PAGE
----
In recent weeks, several developers working to create the world’s first viable vaccine candidate for the novel coronavirus have shared results from their preliminary and late-stage trials, touting high efficacy rates of 90 per cent and above.
Moderna first released its results on Nov. 16, claiming its vaccine candidate was 94.5 per cent effective against COVID-19, based on preliminary data from an ongoing study. Pfizer followed shortly after, announcing two days later that its candidate was 95 per cent effective based on a final analysis from its Phase 3 clinical trial.
On Monday, AstraZeneca joined them, touting a combined efficacy rate of 70 per cent based on one dosing regimen that proved 90 per cent effective and another that was 62 per cent effective.
Here’s what those numbers actually mean.
How effective a vaccine is has to do with observations made during each of its trials. In both the Pfizer-BioNtech and Moderna trials, one group of test subjects was given the vaccine while the other was given a placebo.
Dr. Eric Arts, Canada Research Chair in Infectious and Parasitic Diseases at Western University, said scientists get to the efficacy number by comparing the outcomes of those who got the vaccine and those who received a placebo dose.
“You look at how many people didn’t receive the vaccine and how many people got infected in that case and how many people did receive the vaccine and how many people got infected. The ratio of those two is your efficacy,” he said.
Achieving an efficacy rate of 95 per cent isn’t easy. In fact, Arts called it “exceptional,” saying the Pfizer candidate “probably is one of the most effective vaccines that has been described.”
Dr. Horacio Bach, an adjunct professor for the University of British Columbia’s Division of Infectious Diseases, said it would be near impossible for any vaccine to maintain a 100 per cent efficacy rate, as “not everyone is the same.”
There are a multitude of reasons a vaccine could work on 90 per cent of people and not the other 10 per cent, he said. This can include a person’s genetics, an improperly administered shot or the simple off-chance that a particular dose just didn’t work.
“The virus basically is taken by these antibodies and destroyed by specific cells in the body, in the blood,” said Bach. “That is a very complex system.”
But even if a vaccine was only 30 per cent effective and distributed to an entire nation’s high-risk population, Arts said that “30 per cent of the people who potentially would be infected now are not infected.”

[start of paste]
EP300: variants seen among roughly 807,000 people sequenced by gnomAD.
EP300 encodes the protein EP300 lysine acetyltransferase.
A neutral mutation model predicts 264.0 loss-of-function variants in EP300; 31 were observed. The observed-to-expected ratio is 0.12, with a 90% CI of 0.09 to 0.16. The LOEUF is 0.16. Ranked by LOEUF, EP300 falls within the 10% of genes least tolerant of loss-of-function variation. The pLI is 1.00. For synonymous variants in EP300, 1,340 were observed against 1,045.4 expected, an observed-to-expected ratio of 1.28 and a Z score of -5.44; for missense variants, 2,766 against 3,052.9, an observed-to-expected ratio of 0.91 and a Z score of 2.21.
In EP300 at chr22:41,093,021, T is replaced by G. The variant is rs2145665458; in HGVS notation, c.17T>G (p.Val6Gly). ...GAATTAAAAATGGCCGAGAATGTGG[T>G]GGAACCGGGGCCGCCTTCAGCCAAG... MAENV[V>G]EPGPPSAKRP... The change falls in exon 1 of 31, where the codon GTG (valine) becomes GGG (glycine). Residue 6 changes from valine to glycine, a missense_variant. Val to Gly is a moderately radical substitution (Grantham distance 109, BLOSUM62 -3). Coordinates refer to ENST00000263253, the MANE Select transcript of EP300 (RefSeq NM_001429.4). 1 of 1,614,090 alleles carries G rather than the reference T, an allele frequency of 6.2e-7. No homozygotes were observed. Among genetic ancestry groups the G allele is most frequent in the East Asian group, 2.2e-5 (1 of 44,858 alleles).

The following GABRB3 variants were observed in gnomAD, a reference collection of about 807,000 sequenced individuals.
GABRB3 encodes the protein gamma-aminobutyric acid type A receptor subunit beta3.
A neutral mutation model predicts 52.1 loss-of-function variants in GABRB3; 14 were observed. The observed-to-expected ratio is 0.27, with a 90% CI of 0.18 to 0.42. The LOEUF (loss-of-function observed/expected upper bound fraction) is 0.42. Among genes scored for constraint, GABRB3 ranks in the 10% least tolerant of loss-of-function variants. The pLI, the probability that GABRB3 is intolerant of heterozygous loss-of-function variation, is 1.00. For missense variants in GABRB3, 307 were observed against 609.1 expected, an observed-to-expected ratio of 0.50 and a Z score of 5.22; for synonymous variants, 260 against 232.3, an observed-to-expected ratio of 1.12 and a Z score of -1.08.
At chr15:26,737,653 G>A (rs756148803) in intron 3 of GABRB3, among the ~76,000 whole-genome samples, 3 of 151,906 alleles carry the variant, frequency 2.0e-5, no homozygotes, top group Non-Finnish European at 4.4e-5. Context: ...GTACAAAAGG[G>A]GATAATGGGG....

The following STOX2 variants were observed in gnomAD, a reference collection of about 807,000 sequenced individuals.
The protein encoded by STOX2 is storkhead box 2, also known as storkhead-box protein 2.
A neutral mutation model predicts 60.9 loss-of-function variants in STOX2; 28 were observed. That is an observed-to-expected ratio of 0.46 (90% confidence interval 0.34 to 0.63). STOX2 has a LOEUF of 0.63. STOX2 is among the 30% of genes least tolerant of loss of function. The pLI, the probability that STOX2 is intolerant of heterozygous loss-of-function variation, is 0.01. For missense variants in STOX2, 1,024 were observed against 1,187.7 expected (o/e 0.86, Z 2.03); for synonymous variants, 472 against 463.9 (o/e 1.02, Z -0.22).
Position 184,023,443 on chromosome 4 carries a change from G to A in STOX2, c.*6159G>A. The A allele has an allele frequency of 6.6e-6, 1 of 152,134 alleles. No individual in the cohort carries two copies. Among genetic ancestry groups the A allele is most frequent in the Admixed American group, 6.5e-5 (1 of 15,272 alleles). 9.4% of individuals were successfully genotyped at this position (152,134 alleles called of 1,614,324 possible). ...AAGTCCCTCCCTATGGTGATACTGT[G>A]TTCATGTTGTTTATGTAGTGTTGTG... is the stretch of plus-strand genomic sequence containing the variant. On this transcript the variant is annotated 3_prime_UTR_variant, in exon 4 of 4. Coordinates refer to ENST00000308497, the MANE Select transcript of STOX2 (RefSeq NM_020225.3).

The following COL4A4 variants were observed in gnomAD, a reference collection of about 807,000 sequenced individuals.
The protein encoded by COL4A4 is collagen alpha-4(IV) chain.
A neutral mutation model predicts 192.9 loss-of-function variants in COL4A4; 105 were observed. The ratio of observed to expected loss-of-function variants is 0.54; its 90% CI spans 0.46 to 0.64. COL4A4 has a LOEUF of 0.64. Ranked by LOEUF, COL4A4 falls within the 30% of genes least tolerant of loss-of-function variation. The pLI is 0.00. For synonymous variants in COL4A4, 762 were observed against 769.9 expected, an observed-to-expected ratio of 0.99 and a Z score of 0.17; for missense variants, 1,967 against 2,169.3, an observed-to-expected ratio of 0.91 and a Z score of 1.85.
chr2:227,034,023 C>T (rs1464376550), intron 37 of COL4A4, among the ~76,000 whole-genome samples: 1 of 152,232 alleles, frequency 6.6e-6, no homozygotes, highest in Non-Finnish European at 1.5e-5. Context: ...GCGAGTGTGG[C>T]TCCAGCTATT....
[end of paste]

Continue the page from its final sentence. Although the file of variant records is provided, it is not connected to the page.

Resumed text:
“That is billions of dollars in savings for the Canadian government and probably thousands of lives saved every year in Canada,” he said.
“So you can’t really make an assessment of when a certain efficacy makes sense and when it doesn’t make sense.”
A solid benchmark for what a vaccine’s efficacy rate should be is also almost entirely up for debate, although the U.S. Food and Drug Administration has set the cut-off for authorizing the emergency use of a COVID-19 vaccine at 50 per cent.
According to the U.S. Centers for Disease Control and Prevention, the highest rate of effectiveness the flu vaccine has ever gotten for people aged six months and older was 52 per cent this year, although Bach said the rate varies because a vaccine is developed for a different strain of the virus each year.
Both the HPV4 and HPV9 vaccines are nearly 99 per cent effective on girls and women 12 to 26 years old, but that number can drop to as low as 84 per cent for men in the same age demographic, the Public Health Agency of Canada said.
Meanwhile, the Canadian government has said that vaccinations for hepatitis A can range between 80 per cent and 90 per cent depending on if a person has already been exposed to the virus.
Art said the efficacy of the virus is expected to drop as more and more people take the vaccine, until herd immunity can be reached.
However, if too many people don’t take the vaccine, Arts said “we’re in for a very, very long fight” against the virus. He expressed concerns about misinformation about the vaccine’s “toxicity” and negative side effects, adding that so far, results have shown “very minimal if any toxicity.”
“My biggest fear is that people won’t take the vaccine because they get the impression that it won’t make a difference,” he said.
“In the end, we’re all in the same boat.”